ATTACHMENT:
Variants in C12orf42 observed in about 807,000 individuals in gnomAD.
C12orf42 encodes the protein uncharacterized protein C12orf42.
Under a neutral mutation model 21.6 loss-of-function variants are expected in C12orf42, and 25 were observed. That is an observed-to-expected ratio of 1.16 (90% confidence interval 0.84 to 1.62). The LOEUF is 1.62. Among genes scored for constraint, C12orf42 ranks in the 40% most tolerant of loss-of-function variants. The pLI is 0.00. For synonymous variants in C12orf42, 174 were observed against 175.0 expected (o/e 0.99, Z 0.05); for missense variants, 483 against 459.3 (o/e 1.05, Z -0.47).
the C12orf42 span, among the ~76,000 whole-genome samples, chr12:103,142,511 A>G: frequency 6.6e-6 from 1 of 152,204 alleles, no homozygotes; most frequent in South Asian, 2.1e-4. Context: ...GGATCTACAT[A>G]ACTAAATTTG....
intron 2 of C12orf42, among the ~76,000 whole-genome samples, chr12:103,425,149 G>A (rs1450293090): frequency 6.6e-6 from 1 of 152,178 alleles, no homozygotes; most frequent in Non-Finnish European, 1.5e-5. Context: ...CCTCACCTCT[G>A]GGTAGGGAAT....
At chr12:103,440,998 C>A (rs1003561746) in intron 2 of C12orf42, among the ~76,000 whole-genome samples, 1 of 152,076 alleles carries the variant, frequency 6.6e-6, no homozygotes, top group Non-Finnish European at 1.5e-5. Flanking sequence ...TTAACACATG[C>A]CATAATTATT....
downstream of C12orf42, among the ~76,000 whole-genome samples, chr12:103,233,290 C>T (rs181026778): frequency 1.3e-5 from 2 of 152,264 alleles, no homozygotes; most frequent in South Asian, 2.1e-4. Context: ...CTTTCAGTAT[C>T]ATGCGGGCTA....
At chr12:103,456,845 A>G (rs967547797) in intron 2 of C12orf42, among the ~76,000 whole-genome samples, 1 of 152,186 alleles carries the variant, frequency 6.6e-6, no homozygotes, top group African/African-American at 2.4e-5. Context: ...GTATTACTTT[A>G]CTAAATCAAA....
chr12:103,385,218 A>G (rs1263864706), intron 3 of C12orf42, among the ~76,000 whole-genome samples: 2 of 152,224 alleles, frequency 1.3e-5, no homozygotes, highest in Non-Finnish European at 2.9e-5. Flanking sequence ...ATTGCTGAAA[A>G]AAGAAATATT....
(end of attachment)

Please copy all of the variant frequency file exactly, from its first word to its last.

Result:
Variants in C12orf42 observed in about 807,000 individuals in gnomAD.
C12orf42 encodes the protein uncharacterized protein C12orf42.
Under a neutral mutation model 21.6 loss-of-function variants are expected in C12orf42, and 25 were observed. That is an observed-to-expected ratio of 1.16 (90% confidence interval 0.84 to 1.62). The LOEUF is 1.62. Among genes scored for constraint, C12orf42 ranks in the 40% most tolerant of loss-of-function variants. The pLI is 0.00. For synonymous variants in C12orf42, 174 were observed against 175.0 expected (o/e 0.99, Z 0.05); for missense variants, 483 against 459.3 (o/e 1.05, Z -0.47).
the C12orf42 span, among the ~76,000 whole-genome samples, chr12:103,142,511 A>G: frequency 6.6e-6 from 1 of 152,204 alleles, no homozygotes; most frequent in South Asian, 2.1e-4. Context: ...GGATCTACAT[A>G]ACTAAATTTG....
intron 2 of C12orf42, among the ~76,000 whole-genome samples, chr12:103,425,149 G>A (rs1450293090): frequency 6.6e-6 from 1 of 152,178 alleles, no homozygotes; most frequent in Non-Finnish European, 1.5e-5. Context: ...CCTCACCTCT[G>A]GGTAGGGAAT....
At chr12:103,440,998 C>A (rs1003561746) in intron 2 of C12orf42, among the ~76,000 whole-genome samples, 1 of 152,076 alleles carries the variant, frequency 6.6e-6, no homozygotes, top group Non-Finnish European at 1.5e-5. Flanking sequence ...TTAACACATG[C>A]CATAATTATT....
downstream of C12orf42, among the ~76,000 whole-genome samples, chr12:103,233,290 C>T (rs181026778): frequency 1.3e-5 from 2 of 152,264 alleles, no homozygotes; most frequent in South Asian, 2.1e-4. Context: ...CTTTCAGTAT[C>T]ATGCGGGCTA....
At chr12:103,456,845 A>G (rs967547797) in intron 2 of C12orf42, among the ~76,000 whole-genome samples, 1 of 152,186 alleles carries the variant, frequency 6.6e-6, no homozygotes, top group African/African-American at 2.4e-5. Context: ...GTATTACTTT[A>G]CTAAATCAAA....
chr12:103,385,218 A>G (rs1263864706), intron 3 of C12orf42, among the ~76,000 whole-genome samples: 2 of 152,224 alleles, frequency 1.3e-5, no homozygotes, highest in Non-Finnish European at 2.9e-5. Flanking sequence ...ATTGCTGAAA[A>G]AAGAAATATT....